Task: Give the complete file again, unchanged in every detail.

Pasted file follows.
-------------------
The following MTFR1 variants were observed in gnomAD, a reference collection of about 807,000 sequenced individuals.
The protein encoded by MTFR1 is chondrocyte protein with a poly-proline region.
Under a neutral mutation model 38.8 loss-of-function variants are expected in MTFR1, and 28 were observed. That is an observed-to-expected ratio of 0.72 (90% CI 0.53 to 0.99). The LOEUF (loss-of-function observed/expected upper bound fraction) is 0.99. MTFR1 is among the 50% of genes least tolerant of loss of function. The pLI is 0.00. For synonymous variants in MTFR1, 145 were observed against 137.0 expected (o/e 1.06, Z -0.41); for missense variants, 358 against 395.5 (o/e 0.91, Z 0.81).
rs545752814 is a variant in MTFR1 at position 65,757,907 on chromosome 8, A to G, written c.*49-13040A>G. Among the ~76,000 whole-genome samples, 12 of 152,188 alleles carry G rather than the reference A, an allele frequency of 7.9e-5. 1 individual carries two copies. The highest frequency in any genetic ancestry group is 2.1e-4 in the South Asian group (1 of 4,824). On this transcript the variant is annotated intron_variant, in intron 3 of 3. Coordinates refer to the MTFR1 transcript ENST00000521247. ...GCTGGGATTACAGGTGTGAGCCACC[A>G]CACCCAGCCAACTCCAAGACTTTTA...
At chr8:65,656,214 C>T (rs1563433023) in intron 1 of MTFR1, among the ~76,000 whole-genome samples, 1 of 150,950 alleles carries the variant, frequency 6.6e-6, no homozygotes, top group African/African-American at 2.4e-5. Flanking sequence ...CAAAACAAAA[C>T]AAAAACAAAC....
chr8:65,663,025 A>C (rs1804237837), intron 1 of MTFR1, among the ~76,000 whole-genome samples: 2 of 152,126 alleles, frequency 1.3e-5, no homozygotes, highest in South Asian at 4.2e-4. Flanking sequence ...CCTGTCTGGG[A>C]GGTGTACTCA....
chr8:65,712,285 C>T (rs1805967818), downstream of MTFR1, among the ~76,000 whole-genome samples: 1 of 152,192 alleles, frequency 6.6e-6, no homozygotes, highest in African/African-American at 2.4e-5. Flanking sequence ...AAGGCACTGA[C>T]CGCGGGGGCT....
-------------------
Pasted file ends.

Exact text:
The following MTFR1 variants were observed in gnomAD, a reference collection of about 807,000 sequenced individuals.
The protein encoded by MTFR1 is chondrocyte protein with a poly-proline region.
Under a neutral mutation model 38.8 loss-of-function variants are expected in MTFR1, and 28 were observed. That is an observed-to-expected ratio of 0.72 (90% CI 0.53 to 0.99). The LOEUF (loss-of-function observed/expected upper bound fraction) is 0.99. MTFR1 is among the 50% of genes least tolerant of loss of function. The pLI is 0.00. For synonymous variants in MTFR1, 145 were observed against 137.0 expected (o/e 1.06, Z -0.41); for missense variants, 358 against 395.5 (o/e 0.91, Z 0.81).
rs545752814 is a variant in MTFR1 at position 65,757,907 on chromosome 8, A to G, written c.*49-13040A>G. Among the ~76,000 whole-genome samples, 12 of 152,188 alleles carry G rather than the reference A, an allele frequency of 7.9e-5. 1 individual carries two copies. The highest frequency in any genetic ancestry group is 2.1e-4 in the South Asian group (1 of 4,824). On this transcript the variant is annotated intron_variant, in intron 3 of 3. Coordinates refer to the MTFR1 transcript ENST00000521247. ...GCTGGGATTACAGGTGTGAGCCACC[A>G]CACCCAGCCAACTCCAAGACTTTTA...
At chr8:65,656,214 C>T (rs1563433023) in intron 1 of MTFR1, among the ~76,000 whole-genome samples, 1 of 150,950 alleles carries the variant, frequency 6.6e-6, no homozygotes, top group African/African-American at 2.4e-5. Flanking sequence ...CAAAACAAAA[C>T]AAAAACAAAC....
chr8:65,663,025 A>C (rs1804237837), intron 1 of MTFR1, among the ~76,000 whole-genome samples: 2 of 152,126 alleles, frequency 1.3e-5, no homozygotes, highest in South Asian at 4.2e-4. Flanking sequence ...CCTGTCTGGG[A>C]GGTGTACTCA....
chr8:65,712,285 C>T (rs1805967818), downstream of MTFR1, among the ~76,000 whole-genome samples: 1 of 152,192 alleles, frequency 6.6e-6, no homozygotes, highest in African/African-American at 2.4e-5. Flanking sequence ...AAGGCACTGA[C>T]CGCGGGGGCT....